I have always had a keen interest in the political system, and a large part of my professional career was spent writing college-level textbooks on—ironically—law enforcement and police science. The conversations with my brother rapidly made me aware of how naïve I had been: I had assumed that the “criminal justice system,” with perhaps the usual occasional flaws of human error, mostly operated in the way it was described in high school textbook. What my brother experienced, and what I came to see from the experience of other inmates, was a system predicated not on justice, but on vengeance, where guilt is assumed and innocence is irrelevant. I discovered that a certain state representative from West Texas has built his career on making prison inmates’ lives as miserable as possible. Most of his proposals, such as the one to remove all radios and television sets from the prisons, never made it past the committee stage, where saner—or at least more politically sophisticated—heads prevail, but the fact is that there is a very large constituency in Texas who endorse this man’s efforts.
I began to look into organized efforts to reform the criminal justice system. What I found, some ten years ago, was extremely discouraging. At that time, the only statewide organization devoted to prison reform was Texas CURE. CURE has gone through several reorganizations since then and currently works with TDCJ to alleviate some of the prison conditions that are attributable to the state’s penurious budgeting, such as raising money to buy electric fans for indigent inmates. There were other “prison reform” groups ten years ago, but they had too narrow a focus or too limited a mission, like the numerous church groups that provide “hospitality houses” or help released inmates with a decent set of clothes. They were not what we were looking for.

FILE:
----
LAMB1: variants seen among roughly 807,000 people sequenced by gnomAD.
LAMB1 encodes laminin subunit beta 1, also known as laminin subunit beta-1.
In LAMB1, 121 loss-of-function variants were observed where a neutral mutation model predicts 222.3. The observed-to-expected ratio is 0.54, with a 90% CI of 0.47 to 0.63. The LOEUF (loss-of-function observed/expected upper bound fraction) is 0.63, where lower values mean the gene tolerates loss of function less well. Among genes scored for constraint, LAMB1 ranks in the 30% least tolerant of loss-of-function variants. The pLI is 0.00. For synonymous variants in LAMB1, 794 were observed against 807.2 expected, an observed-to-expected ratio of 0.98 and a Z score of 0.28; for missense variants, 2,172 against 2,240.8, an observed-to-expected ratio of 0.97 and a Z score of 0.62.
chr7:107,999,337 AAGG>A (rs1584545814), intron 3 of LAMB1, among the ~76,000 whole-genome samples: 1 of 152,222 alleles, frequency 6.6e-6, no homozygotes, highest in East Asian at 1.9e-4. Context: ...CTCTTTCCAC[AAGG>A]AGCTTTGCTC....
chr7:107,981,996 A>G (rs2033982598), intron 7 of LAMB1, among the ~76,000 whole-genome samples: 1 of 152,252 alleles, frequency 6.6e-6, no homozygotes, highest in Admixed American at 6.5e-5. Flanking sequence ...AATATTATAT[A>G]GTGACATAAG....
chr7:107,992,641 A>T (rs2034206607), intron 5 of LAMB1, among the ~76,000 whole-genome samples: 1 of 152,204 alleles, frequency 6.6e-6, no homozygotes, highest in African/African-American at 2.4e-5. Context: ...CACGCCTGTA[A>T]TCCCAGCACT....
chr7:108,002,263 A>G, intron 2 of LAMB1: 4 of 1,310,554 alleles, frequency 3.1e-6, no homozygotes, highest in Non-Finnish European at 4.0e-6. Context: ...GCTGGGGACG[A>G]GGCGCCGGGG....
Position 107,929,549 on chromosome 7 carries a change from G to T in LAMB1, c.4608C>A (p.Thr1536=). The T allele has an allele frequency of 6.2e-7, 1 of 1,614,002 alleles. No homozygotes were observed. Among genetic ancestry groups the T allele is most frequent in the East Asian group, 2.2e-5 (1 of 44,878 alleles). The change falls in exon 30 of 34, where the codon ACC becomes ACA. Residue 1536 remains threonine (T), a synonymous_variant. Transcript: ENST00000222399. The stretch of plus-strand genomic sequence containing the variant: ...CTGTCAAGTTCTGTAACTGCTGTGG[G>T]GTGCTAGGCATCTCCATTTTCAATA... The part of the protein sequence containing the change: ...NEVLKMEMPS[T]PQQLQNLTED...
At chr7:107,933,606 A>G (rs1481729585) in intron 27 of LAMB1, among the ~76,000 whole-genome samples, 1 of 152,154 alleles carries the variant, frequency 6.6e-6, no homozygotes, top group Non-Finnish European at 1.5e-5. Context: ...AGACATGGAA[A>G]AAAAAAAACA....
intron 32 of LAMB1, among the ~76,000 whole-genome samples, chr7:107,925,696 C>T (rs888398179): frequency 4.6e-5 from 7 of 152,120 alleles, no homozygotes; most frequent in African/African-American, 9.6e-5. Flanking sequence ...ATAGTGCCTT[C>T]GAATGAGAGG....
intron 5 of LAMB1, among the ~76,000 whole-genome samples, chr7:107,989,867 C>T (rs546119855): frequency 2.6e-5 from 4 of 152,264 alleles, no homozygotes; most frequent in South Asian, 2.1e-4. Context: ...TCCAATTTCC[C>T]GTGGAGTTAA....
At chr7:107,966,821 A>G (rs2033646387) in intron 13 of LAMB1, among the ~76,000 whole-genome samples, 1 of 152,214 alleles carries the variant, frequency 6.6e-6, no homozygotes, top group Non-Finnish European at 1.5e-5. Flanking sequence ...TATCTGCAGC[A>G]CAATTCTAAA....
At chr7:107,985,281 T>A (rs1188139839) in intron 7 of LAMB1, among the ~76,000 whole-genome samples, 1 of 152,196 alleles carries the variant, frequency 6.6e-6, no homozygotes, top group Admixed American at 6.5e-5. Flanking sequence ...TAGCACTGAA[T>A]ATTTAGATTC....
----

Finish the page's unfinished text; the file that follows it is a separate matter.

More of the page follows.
My brother and I concluded that the one substantial part of the “criminal justice system” that had no representation, either within the system itself or in the larger political system, was the families of offenders. We decided to see if we could remedy the lack of representation by establishing the Texas Inmate Families Association, better known as TIFA. TIFA formally came into existence on March 30, 1996, at a meeting of some dozen people at the Red Lion Hotel in Austin.
My brother had collected from his fellow inmates the names and addresses of more than one hundred families, and I had invited them to an organizational meeting in Austin. They came from as far as Beaumont and Texarkana. A set of bylaws was adopted, and I was elected the chair of a board of directors. Membership grew rapidly, mostly by word of mouth through the prison grapevine.
My first meeting with a TDCJ administrator, a few weeks after TIFA was formed, was with Gary Johnson, who had recently been promoted to Director of the Institutional Division. The meeting was arranged by a public information officer, Larry Todd, whom I had known for years. I had no idea what kind of reception to expect, but I was not at all prepared for Johnson’s response: after I told him about TIFA, his first words were, “This is great! This is exactly what we need!” We spent most of an hour discussing ways that TIFA could be helpful to TDCJ and vice versa. I asked for permission to send literature about TIFA to the units, and Johnson immediately agreed. He later sent a letter to all 105 wardens, instructing them to allow TIFA members to place literature in visitation centers.